From a network perspective, LTE is of course the topic of the Mobile World Congress. This morning I met with Julius Robson of Nortel, who is chairman of the LTE/SAE Trial Initiative, or LSTI for short. I’ve been following the activities of the LSTI for some time now as their aim is not to repeat the mistakes made with UMTS in the past by not properly testing networks and mobile devices with each other before pushing them out into the market.

For the congress first results from the proof of concept phase are becoming available from a lot of vendors and I will report more on the details in the coming weeks. Here are some personal insights I gained during the meeting:

I’ve been a bit sceptical so far of the chances of TDD-LTE (Time Division Duplex) becoming a big technology outside China as most network operators in Europe, Asia and the Americas mostly have FDD (Frequency Divison Duplex) spectrum. To my surprise, it seems there are more than just a few network and mobile vendors who have reported results back to the LSTI on first TDD-LTE tests. They still seem to be a bit behind FDD-LTE but it’s not the tiny trickle I was expecting. Julius told me Nortel has worked on TDD-LTE as well and since everything above the physical layer is pretty much the same in FDD and TDD, only a few people were required to come up with the additional base station software for TDD in quite a short time. Quite a difference to TDD-UMTS which is a completely different game to FDD-UMTS used today.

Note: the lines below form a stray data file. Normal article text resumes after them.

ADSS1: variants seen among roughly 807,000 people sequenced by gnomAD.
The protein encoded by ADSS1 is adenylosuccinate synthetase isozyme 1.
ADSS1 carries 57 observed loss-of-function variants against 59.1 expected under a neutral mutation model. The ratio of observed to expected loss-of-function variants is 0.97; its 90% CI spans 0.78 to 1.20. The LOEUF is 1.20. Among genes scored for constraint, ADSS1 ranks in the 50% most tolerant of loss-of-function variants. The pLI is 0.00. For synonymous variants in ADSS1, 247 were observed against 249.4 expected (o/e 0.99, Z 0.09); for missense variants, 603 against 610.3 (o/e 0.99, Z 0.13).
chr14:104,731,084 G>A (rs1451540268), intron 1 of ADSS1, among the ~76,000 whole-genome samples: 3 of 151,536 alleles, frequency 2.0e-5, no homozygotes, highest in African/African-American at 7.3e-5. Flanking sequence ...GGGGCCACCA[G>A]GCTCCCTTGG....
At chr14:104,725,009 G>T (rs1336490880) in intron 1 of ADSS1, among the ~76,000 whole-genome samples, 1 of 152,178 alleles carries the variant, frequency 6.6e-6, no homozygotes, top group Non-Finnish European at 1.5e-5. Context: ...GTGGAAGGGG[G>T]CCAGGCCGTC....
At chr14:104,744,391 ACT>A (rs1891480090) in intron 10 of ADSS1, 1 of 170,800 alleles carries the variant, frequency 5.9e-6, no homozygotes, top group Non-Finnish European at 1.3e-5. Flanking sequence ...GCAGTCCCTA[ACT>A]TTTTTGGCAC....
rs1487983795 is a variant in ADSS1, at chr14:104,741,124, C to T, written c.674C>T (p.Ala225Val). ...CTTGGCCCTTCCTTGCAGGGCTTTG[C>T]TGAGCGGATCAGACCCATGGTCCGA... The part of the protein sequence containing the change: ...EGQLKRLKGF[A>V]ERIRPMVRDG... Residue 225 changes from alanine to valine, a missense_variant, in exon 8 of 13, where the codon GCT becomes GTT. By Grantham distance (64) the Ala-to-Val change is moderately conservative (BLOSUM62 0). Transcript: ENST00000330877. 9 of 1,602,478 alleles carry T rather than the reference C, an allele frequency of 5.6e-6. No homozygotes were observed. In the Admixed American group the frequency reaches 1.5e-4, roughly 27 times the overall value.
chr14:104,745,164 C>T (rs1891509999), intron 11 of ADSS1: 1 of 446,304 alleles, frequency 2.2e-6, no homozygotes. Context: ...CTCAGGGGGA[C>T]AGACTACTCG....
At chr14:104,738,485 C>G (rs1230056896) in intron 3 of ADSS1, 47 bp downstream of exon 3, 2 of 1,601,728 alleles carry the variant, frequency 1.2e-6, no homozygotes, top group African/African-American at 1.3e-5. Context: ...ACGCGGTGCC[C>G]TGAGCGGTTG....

Also, some mobile operators, for example in Europe, have TDD spectrum in the 2.1 GHz band that they bought together with the FDD spectrum during the UMTS auctions back in the year 2000. So far that invstment lies dormant. So if mobile devices do come out early that support both FDD and TDD than I think there might actually be a chance for TDD to be deployed alongside FDD in major markets outside China. Whether it’s as easy on the mobile side to have FDD and TDD combined in one chipset is another matter and I don’t have a lot of insight into this. Maybe I’ll find out more this afternoon as I’ll talk with some silicon manufacturers then.

In LTE, there are only two radio interface states, ACTIVE and IDLE. The LTE requirements say switching between the two states should take less than 100 ms. Looks like while this sounds ambitious from a HSPA perspective, were the switching time currently is in the range of one second, the goal seems to be reached by vendors even in the early stages. That’s good news as it makes the tradeoff very small between interactivity and power conservation from the mobile device point of view. So it will be interesting in the future to observe if Discontinuous Transmission (DTX) will be used a lot while in ACTIVE state to conserve energy or if the mobile is just set into IDLE state right away.